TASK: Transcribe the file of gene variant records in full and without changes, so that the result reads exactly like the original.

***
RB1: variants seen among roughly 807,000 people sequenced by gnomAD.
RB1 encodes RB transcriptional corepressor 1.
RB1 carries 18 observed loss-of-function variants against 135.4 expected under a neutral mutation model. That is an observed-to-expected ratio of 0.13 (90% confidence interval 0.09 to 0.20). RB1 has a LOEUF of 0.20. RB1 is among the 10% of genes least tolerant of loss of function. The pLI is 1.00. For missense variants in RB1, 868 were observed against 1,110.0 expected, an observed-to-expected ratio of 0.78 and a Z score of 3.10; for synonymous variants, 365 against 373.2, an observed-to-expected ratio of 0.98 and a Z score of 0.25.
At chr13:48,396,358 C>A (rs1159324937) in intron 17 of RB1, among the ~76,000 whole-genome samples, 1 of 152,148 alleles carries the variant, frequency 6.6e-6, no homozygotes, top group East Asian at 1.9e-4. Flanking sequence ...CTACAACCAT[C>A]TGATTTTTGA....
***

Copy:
RB1: variants seen among roughly 807,000 people sequenced by gnomAD.
RB1 encodes RB transcriptional corepressor 1.
RB1 carries 18 observed loss-of-function variants against 135.4 expected under a neutral mutation model. That is an observed-to-expected ratio of 0.13 (90% confidence interval 0.09 to 0.20). RB1 has a LOEUF of 0.20. RB1 is among the 10% of genes least tolerant of loss of function. The pLI is 1.00. For missense variants in RB1, 868 were observed against 1,110.0 expected, an observed-to-expected ratio of 0.78 and a Z score of 3.10; for synonymous variants, 365 against 373.2, an observed-to-expected ratio of 0.98 and a Z score of 0.25.
At chr13:48,396,358 C>A (rs1159324937) in intron 17 of RB1, among the ~76,000 whole-genome samples, 1 of 152,148 alleles carries the variant, frequency 6.6e-6, no homozygotes, top group East Asian at 1.9e-4. Flanking sequence ...CTACAACCAT[C>A]TGATTTTTGA....